31 July, 2009: Fortunately for me last night, Kei-san shunned the red wine as I did the shochu. As on the previous night, Kei-san puffed away like there was no tomorrow. We talked into the early hours about our plans for the road tomorrow, not to mention my over all mission of walking around Japan. Also, we talked about our walk about Atsuta today, Yuichi-san being stopped and given a ticket, our general love for large motorbikes and past journeys on them, our families, life and work in Sendai, and in Tokyo, and so forth. It was just as well I had not opened the gift-bottle of red wine that Aji-san at the restaurant had given me. When we did call it a day and return to our respective tents to sleep what hours remained, two empty bottles lay on the grass. Aji-san’s gift was safely stuffed into my backpack to keep it for Otaru. There it would be a nice treat to share with my friend when we met up. The meeting place was set in the lobby of the Dormy Inn in Otaru. Kei was contented with his plastic containers full of shochu. We both picked up a few cans of beer from a convenience store when we left the port town of Atsuta.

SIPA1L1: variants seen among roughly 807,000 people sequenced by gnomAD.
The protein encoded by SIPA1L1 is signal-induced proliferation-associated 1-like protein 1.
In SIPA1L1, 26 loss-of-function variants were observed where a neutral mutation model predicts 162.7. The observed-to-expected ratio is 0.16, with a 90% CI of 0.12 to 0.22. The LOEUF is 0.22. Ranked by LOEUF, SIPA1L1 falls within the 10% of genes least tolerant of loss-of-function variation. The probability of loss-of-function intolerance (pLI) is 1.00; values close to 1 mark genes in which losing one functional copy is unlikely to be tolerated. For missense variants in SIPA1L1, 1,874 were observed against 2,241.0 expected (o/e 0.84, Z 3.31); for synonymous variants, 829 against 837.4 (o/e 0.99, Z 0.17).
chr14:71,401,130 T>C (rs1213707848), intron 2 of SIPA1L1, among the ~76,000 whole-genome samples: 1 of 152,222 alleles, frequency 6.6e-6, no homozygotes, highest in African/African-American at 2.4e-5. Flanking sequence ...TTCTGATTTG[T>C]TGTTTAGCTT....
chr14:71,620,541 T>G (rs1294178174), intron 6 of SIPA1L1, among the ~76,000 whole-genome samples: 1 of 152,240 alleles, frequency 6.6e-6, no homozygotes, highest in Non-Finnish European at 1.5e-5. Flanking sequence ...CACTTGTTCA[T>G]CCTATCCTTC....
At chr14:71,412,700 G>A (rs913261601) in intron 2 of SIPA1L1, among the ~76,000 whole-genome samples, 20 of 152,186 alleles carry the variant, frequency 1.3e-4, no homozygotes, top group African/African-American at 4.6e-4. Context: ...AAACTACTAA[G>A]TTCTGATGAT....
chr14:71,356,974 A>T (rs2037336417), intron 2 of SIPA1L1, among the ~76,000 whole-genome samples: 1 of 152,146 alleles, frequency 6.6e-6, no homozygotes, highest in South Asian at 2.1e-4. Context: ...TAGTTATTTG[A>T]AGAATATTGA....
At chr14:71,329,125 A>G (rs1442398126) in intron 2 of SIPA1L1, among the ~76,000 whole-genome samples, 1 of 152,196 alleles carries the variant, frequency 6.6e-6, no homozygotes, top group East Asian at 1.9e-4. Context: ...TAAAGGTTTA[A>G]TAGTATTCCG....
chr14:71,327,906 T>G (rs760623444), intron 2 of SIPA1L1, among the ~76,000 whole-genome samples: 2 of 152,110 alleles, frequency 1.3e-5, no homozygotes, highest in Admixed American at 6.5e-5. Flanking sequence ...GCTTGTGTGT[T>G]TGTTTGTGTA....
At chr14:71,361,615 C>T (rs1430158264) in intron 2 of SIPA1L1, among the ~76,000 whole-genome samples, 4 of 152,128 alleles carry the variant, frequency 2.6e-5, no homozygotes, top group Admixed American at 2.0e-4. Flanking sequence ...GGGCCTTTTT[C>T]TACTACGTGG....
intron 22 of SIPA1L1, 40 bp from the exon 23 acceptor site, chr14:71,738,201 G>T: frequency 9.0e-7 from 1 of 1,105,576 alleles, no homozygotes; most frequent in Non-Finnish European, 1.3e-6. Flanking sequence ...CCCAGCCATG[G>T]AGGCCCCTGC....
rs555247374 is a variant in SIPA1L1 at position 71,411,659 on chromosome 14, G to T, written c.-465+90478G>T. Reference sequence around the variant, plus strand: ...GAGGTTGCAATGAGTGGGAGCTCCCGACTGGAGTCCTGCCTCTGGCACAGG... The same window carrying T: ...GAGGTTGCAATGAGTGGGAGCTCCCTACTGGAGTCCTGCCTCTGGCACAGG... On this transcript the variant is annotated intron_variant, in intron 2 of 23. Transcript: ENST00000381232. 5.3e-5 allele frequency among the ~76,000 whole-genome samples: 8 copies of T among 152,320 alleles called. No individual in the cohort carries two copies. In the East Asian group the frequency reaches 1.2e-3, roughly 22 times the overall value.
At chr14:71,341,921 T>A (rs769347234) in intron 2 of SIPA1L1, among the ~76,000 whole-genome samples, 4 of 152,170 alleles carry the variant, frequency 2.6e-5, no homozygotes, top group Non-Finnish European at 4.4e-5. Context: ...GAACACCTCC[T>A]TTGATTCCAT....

It was exactly eight-thirty in the morning when I finally left the campground to tramp back down to the main road. A Seicomart convenience store stood near to the corner just where the two roads joined. There I dumped my backpack beside the door and went inside to see about picking up something to eat before hitting the road proper. I did not feel overly hungry, for the druggy feeling tat still hung over me from last night. Still, I was unsure when another eating-place along the road would next appear. Therefore, it was a good idea to get some kind of calorie-carbo loaded fuel into my tank before starting off. Not fueling right was a no, no! On the whole, I was impressed with the ready-made lunches sold at Seicomart, and at the wide selection to choose from on its shelves. The quality and quantity of the food I bought along the roads was second to none. I settled on a hamburger and rice obento (lunchbox), and a 500-milliliter carton of milk. Fortunately, the road was not busy with traffic, as I set outside the store to tuck into the food.